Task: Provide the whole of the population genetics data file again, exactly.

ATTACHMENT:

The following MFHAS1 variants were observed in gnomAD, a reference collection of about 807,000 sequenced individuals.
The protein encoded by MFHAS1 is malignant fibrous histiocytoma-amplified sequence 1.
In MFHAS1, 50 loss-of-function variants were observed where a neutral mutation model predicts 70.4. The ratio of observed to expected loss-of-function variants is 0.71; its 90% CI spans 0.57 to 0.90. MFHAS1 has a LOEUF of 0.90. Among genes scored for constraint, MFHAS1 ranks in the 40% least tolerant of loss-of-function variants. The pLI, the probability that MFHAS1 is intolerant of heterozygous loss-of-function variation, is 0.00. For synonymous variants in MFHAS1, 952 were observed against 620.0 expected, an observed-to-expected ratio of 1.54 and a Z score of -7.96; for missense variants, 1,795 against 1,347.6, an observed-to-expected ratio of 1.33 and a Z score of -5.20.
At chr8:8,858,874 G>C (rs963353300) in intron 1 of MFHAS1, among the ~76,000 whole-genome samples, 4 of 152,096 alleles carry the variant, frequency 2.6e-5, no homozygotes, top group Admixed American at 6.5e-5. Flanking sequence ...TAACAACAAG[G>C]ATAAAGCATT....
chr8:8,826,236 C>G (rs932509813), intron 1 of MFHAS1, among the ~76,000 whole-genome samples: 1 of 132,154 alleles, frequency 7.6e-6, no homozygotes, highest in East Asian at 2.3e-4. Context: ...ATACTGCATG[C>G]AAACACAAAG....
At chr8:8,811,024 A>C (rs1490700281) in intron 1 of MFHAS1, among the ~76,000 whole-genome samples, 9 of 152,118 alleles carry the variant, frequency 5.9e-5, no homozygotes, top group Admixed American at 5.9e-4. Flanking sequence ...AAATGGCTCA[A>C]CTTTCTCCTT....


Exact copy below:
The following MFHAS1 variants were observed in gnomAD, a reference collection of about 807,000 sequenced individuals.
The protein encoded by MFHAS1 is malignant fibrous histiocytoma-amplified sequence 1.
In MFHAS1, 50 loss-of-function variants were observed where a neutral mutation model predicts 70.4. The ratio of observed to expected loss-of-function variants is 0.71; its 90% CI spans 0.57 to 0.90. MFHAS1 has a LOEUF of 0.90. Among genes scored for constraint, MFHAS1 ranks in the 40% least tolerant of loss-of-function variants. The pLI, the probability that MFHAS1 is intolerant of heterozygous loss-of-function variation, is 0.00. For synonymous variants in MFHAS1, 952 were observed against 620.0 expected, an observed-to-expected ratio of 1.54 and a Z score of -7.96; for missense variants, 1,795 against 1,347.6, an observed-to-expected ratio of 1.33 and a Z score of -5.20.
At chr8:8,858,874 G>C (rs963353300) in intron 1 of MFHAS1, among the ~76,000 whole-genome samples, 4 of 152,096 alleles carry the variant, frequency 2.6e-5, no homozygotes, top group Admixed American at 6.5e-5. Flanking sequence ...TAACAACAAG[G>C]ATAAAGCATT....
chr8:8,826,236 C>G (rs932509813), intron 1 of MFHAS1, among the ~76,000 whole-genome samples: 1 of 132,154 alleles, frequency 7.6e-6, no homozygotes, highest in East Asian at 2.3e-4. Context: ...ATACTGCATG[C>G]AAACACAAAG....
At chr8:8,811,024 A>C (rs1490700281) in intron 1 of MFHAS1, among the ~76,000 whole-genome samples, 9 of 152,118 alleles carry the variant, frequency 5.9e-5, no homozygotes, top group Admixed American at 5.9e-4. Flanking sequence ...AAATGGCTCA[A>C]CTTTCTCCTT....